The companies don’t want the migrant workers’ militancy to spread. So they separate local and migrant workers to keep them from cooperating with each other. Their big fear is a united strike of local and migrant workers. Then they would be in real trouble.

What are some of the causes of strikes in China?

Hao Ren: In 2008 most of the whole world went into recession. To stop that from impacting China, the government spent a lot of money to stimulate the Chinese economy. That sustained the boom. During 2009 and 2010 a lot of autoworkers went on strike. They felt that the economy had recovered but companies were not sharing their profits with the workers. 

That is the first reason why workers went on strike. The second reason was retirement benefits. If a company moves or shuts down, the workers lose their retirement benefits. That caused more workers to be angry and go on strike to defend their pensions. 

Now that the Chinese economy has started to slow, there have been layoffs especially in the coal and steel industry. How has this impacted the workers’ struggles?

Fan Gang: The economy has slowed dramatically, and it doesn’t show signs of returning to the boom of the last couple of decades. For the last five to ten years there were raises for workers, but now layoffs have started. The coal mines were hit hard by the slowdown and layoffs. And there are likely to be even more in the coming year. For the remaining workers, there have been cuts in pay. All of this has caused a new wave of strikes. 

China’s wave of strikes over the period of boom and now the slowdown is remarkable. Are workers generalizing their experiences into the need for a common nationwide struggle? 

Hao Ren: Not really. Workers are quite divided from one another in different workplaces and regions. There is communication between workers within a factory but there is no communication between workers across factories. So there are strikes in individual factories, but there are no strikes across an industry. We have a strike movement, but we don’t have a generalized union movement.

Fan Gang: There is no broad collective organization of workers, and the tradition of collective action is undeveloped. Therefore it’s hard for workers to unite in a broader struggle. 

What do you think about the government-run All-China Federation of Trade Unions (ACFTU)?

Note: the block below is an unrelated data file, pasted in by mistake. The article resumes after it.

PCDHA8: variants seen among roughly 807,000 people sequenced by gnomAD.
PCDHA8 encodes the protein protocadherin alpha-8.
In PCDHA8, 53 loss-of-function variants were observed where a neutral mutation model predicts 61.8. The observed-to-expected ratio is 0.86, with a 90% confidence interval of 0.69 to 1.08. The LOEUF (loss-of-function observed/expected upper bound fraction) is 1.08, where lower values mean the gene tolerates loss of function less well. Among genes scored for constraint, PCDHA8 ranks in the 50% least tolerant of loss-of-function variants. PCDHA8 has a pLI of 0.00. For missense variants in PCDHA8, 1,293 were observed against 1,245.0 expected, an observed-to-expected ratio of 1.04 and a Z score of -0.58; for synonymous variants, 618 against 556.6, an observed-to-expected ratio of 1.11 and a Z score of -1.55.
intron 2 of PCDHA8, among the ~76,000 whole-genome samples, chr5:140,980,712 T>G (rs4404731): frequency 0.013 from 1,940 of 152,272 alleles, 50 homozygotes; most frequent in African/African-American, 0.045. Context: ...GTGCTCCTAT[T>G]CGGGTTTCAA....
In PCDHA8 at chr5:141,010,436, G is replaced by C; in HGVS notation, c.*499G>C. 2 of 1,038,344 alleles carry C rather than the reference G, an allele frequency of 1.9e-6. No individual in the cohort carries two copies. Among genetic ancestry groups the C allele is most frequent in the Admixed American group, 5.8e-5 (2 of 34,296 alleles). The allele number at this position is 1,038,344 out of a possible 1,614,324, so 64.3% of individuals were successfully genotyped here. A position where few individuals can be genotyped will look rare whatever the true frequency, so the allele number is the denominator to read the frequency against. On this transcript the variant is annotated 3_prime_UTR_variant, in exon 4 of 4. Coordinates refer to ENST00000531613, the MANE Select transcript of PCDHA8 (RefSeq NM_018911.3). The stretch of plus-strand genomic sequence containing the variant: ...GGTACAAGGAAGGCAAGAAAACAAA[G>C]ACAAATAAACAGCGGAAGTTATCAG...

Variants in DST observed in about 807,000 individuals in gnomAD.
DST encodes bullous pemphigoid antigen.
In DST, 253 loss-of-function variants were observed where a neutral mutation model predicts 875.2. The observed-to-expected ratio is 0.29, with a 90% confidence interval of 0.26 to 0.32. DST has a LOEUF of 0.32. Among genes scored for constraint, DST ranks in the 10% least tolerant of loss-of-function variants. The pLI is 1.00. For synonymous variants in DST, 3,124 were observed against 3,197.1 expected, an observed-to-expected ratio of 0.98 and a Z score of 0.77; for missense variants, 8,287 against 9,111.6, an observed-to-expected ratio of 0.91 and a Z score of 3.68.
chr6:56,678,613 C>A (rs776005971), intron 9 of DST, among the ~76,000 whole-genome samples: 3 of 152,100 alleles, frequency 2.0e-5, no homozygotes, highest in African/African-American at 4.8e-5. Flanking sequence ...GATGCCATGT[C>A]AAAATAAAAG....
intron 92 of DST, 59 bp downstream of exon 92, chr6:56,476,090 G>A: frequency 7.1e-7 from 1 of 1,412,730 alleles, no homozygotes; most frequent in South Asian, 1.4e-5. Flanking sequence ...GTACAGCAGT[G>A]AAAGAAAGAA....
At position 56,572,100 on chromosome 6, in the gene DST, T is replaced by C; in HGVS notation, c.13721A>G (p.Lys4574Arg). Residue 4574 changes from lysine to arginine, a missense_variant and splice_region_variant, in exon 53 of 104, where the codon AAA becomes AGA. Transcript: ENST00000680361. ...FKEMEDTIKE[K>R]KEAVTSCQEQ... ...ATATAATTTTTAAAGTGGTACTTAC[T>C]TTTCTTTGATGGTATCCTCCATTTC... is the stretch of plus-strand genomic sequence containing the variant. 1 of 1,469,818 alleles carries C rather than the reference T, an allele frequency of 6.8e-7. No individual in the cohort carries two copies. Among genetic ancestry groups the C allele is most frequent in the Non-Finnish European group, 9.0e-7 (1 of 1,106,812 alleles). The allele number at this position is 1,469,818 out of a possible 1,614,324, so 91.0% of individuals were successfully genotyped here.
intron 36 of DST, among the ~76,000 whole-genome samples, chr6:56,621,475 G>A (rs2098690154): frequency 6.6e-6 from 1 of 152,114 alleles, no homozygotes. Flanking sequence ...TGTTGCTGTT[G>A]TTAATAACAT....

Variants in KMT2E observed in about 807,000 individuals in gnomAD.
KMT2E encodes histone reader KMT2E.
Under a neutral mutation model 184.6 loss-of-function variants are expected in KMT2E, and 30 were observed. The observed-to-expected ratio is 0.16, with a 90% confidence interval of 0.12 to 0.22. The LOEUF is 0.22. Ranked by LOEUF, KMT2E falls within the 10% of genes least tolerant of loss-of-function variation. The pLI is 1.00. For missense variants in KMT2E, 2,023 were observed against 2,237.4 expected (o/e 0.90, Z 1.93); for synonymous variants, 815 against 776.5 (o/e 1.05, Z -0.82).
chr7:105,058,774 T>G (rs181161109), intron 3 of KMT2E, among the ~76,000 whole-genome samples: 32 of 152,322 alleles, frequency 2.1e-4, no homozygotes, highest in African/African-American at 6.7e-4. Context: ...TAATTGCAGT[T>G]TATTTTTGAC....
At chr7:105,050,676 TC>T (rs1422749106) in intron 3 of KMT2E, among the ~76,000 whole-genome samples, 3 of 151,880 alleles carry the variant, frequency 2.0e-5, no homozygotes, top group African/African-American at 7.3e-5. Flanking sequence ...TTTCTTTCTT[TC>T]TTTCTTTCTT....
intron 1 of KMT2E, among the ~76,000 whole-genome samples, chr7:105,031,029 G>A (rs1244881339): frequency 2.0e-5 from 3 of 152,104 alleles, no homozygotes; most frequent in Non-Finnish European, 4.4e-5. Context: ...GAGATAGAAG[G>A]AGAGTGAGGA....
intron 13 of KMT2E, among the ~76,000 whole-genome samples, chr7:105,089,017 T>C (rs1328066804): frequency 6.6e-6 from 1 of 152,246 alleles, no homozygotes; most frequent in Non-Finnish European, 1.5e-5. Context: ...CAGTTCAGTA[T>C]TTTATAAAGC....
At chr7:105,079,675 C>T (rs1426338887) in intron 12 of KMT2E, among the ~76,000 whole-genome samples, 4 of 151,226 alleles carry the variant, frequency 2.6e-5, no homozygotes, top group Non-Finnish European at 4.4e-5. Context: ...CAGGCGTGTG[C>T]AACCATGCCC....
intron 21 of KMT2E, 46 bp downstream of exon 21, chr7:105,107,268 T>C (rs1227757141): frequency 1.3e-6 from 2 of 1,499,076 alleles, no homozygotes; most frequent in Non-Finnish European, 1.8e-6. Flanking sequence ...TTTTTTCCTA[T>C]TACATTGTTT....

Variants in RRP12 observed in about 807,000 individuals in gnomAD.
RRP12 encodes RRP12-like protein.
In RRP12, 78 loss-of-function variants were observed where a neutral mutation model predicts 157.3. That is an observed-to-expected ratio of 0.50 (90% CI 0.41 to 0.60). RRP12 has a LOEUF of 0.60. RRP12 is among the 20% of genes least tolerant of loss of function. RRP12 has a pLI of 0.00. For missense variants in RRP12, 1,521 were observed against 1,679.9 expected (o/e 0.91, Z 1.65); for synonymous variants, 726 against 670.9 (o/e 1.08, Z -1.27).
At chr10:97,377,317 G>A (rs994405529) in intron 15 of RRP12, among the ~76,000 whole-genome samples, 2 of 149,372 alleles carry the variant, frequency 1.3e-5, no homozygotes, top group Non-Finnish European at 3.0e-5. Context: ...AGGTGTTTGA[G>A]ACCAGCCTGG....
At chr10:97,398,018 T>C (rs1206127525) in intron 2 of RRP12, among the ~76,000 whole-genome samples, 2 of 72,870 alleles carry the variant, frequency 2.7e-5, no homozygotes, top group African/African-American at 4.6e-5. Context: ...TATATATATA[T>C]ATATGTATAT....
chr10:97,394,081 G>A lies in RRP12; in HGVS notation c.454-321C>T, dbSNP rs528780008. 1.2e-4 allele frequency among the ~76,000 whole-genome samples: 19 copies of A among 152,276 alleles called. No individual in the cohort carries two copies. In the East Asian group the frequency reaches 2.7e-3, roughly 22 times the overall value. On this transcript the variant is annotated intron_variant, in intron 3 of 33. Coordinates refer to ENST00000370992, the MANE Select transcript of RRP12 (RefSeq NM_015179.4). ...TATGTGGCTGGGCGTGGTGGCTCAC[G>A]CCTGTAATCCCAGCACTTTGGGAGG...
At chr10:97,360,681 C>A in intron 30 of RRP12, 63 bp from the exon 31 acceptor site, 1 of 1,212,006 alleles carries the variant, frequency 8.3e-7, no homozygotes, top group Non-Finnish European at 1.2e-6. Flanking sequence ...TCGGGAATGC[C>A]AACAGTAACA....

Fan Gang: It’s a strange institution. It plays more of a role as a mediator between workers and their bosses than a union. On the one hand, when pressured the ACFTU has helped workers learn their rights. But it has produced few positive results. They do not openly assist the small local unions in strikes. On the other hand, the government tries to use ACFTU to control workers and end strikes. 

Hao Ren: The government wants to use the ACFTU to overcome conflicts between companies and workers. So it supports some strikes but not most of them. Workers see the ACFTU as a representative of the government such as a labor department or neighborhood association representative more than as their own organization. 

They hope that it will help them resolve their problems. But it won’t. If the union supports the workers and their strikes, which is rare, they will feel that the union is doing a good job. But in general it is more a mediator than a representative of the workers. As such, it’s pretty useless. 

China calls itself a socialist government but its workers are exploited. What do you think? Is the government lying?

Fan Gang: I have thought very little of this before and most people around me haven’t either. Everyone is just working and trying to get by. So we have never talked about this issue. Maybe people talk about it in small circles. 

Hao Ren: Chinese workers generally don’t talk about politics. It’s not within their scope. Workers can feel tension between themselves and the capitalists and oppression from the capitalists. But there is very little discussion about such bigger questions.

What about the relationship between students and workers?  Workers were involved in the Tiananmen protests of 1989. Is there any student involvement or involvement of other organizations in these workers struggles?

Fan Gang: It has been a long time since the Tiananmen struggle. Nowadays students concentrate on their studies; they want to be successful so their reaction to the strikers is very cold. There are almost no groups of students getting involved except a few individuals. The wealthy, the middle class, and the managers are united in opposition to the workers and their strikes. 

How do you see your book as contributing to international solidarity between American and Chinese workers?  

Hao Ren: We hope this book plays a small part in building connections between workers in China and the rest of the world. We couldn’t publish the book in China itself; the government didn’t allow it. So we published it in the US. We hope it opens a window for the world to see what is happening in China. One purpose of our visit here is to try to understand how American workers win their strikes and bring those lessons back to China. 

 

Issue #72

July 2010

¡Todos Somos Arizona!